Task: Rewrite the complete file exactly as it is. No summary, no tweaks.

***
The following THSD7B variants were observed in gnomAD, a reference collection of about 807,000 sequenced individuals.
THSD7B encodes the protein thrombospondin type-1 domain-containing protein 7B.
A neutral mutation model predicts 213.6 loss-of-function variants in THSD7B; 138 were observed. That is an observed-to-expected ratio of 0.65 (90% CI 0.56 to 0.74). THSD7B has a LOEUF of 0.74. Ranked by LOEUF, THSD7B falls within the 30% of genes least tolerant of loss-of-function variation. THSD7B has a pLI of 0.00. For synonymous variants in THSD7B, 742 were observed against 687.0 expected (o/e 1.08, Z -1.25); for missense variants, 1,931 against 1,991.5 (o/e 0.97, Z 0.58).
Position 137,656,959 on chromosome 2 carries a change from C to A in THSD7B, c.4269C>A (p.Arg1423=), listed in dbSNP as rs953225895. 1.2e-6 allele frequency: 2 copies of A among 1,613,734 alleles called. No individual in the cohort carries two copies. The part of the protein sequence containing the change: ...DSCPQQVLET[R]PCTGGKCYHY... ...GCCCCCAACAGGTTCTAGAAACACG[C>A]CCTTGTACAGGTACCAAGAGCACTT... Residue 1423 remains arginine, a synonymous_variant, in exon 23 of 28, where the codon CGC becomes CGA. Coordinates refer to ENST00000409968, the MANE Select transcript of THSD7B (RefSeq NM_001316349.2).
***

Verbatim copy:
The following THSD7B variants were observed in gnomAD, a reference collection of about 807,000 sequenced individuals.
THSD7B encodes the protein thrombospondin type-1 domain-containing protein 7B.
A neutral mutation model predicts 213.6 loss-of-function variants in THSD7B; 138 were observed. That is an observed-to-expected ratio of 0.65 (90% CI 0.56 to 0.74). THSD7B has a LOEUF of 0.74. Ranked by LOEUF, THSD7B falls within the 30% of genes least tolerant of loss-of-function variation. THSD7B has a pLI of 0.00. For synonymous variants in THSD7B, 742 were observed against 687.0 expected (o/e 1.08, Z -1.25); for missense variants, 1,931 against 1,991.5 (o/e 0.97, Z 0.58).
Position 137,656,959 on chromosome 2 carries a change from C to A in THSD7B, c.4269C>A (p.Arg1423=), listed in dbSNP as rs953225895. 1.2e-6 allele frequency: 2 copies of A among 1,613,734 alleles called. No individual in the cohort carries two copies. The part of the protein sequence containing the change: ...DSCPQQVLET[R]PCTGGKCYHY... ...GCCCCCAACAGGTTCTAGAAACACG[C>A]CCTTGTACAGGTACCAAGAGCACTT... Residue 1423 remains arginine, a synonymous_variant, in exon 23 of 28, where the codon CGC becomes CGA. Coordinates refer to ENST00000409968, the MANE Select transcript of THSD7B (RefSeq NM_001316349.2).